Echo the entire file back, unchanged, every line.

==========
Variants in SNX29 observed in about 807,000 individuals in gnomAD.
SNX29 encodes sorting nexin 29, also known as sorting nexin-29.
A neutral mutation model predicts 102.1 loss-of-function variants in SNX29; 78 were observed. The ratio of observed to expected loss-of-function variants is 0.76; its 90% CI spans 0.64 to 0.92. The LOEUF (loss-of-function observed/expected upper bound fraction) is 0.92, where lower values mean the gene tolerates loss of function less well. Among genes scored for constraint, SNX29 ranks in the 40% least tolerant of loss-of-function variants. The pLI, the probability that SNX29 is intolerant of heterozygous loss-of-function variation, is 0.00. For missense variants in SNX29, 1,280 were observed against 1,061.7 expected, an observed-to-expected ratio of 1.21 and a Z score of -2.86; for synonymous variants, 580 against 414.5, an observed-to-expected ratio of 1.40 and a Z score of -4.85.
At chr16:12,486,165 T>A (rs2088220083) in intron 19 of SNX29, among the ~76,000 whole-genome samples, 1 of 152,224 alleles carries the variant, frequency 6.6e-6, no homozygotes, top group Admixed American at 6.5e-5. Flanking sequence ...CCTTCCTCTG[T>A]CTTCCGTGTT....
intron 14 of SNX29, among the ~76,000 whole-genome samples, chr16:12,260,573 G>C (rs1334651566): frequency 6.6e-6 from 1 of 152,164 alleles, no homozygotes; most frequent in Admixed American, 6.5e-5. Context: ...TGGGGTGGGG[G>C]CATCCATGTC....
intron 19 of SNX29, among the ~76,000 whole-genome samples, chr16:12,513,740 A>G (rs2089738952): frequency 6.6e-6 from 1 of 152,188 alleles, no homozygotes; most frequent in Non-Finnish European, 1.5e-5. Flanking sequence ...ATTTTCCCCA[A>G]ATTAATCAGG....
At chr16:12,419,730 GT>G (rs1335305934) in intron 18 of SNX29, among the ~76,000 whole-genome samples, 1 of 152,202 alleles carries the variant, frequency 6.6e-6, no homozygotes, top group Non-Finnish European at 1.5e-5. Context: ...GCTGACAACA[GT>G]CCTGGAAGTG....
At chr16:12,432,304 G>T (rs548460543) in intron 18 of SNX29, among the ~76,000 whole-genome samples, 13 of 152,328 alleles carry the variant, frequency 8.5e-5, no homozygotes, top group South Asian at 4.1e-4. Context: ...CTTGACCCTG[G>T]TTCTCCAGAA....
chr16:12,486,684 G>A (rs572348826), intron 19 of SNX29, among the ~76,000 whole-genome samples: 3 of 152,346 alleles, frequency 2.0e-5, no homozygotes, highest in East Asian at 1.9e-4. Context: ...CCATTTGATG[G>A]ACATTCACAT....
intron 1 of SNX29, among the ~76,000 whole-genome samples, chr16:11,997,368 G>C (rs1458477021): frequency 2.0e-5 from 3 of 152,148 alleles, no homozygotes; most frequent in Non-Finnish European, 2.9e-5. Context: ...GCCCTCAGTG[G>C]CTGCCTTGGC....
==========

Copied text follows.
Variants in SNX29 observed in about 807,000 individuals in gnomAD.
SNX29 encodes sorting nexin 29, also known as sorting nexin-29.
A neutral mutation model predicts 102.1 loss-of-function variants in SNX29; 78 were observed. The ratio of observed to expected loss-of-function variants is 0.76; its 90% CI spans 0.64 to 0.92. The LOEUF (loss-of-function observed/expected upper bound fraction) is 0.92, where lower values mean the gene tolerates loss of function less well. Among genes scored for constraint, SNX29 ranks in the 40% least tolerant of loss-of-function variants. The pLI, the probability that SNX29 is intolerant of heterozygous loss-of-function variation, is 0.00. For missense variants in SNX29, 1,280 were observed against 1,061.7 expected, an observed-to-expected ratio of 1.21 and a Z score of -2.86; for synonymous variants, 580 against 414.5, an observed-to-expected ratio of 1.40 and a Z score of -4.85.
At chr16:12,486,165 T>A (rs2088220083) in intron 19 of SNX29, among the ~76,000 whole-genome samples, 1 of 152,224 alleles carries the variant, frequency 6.6e-6, no homozygotes, top group Admixed American at 6.5e-5. Flanking sequence ...CCTTCCTCTG[T>A]CTTCCGTGTT....
intron 14 of SNX29, among the ~76,000 whole-genome samples, chr16:12,260,573 G>C (rs1334651566): frequency 6.6e-6 from 1 of 152,164 alleles, no homozygotes; most frequent in Admixed American, 6.5e-5. Context: ...TGGGGTGGGG[G>C]CATCCATGTC....
intron 19 of SNX29, among the ~76,000 whole-genome samples, chr16:12,513,740 A>G (rs2089738952): frequency 6.6e-6 from 1 of 152,188 alleles, no homozygotes; most frequent in Non-Finnish European, 1.5e-5. Flanking sequence ...ATTTTCCCCA[A>G]ATTAATCAGG....
At chr16:12,419,730 GT>G (rs1335305934) in intron 18 of SNX29, among the ~76,000 whole-genome samples, 1 of 152,202 alleles carries the variant, frequency 6.6e-6, no homozygotes, top group Non-Finnish European at 1.5e-5. Context: ...GCTGACAACA[GT>G]CCTGGAAGTG....
At chr16:12,432,304 G>T (rs548460543) in intron 18 of SNX29, among the ~76,000 whole-genome samples, 13 of 152,328 alleles carry the variant, frequency 8.5e-5, no homozygotes, top group South Asian at 4.1e-4. Context: ...CTTGACCCTG[G>T]TTCTCCAGAA....
chr16:12,486,684 G>A (rs572348826), intron 19 of SNX29, among the ~76,000 whole-genome samples: 3 of 152,346 alleles, frequency 2.0e-5, no homozygotes, highest in East Asian at 1.9e-4. Context: ...CCATTTGATG[G>A]ACATTCACAT....
intron 1 of SNX29, among the ~76,000 whole-genome samples, chr16:11,997,368 G>C (rs1458477021): frequency 2.0e-5 from 3 of 152,148 alleles, no homozygotes; most frequent in Non-Finnish European, 2.9e-5. Context: ...GCCCTCAGTG[G>C]CTGCCTTGGC....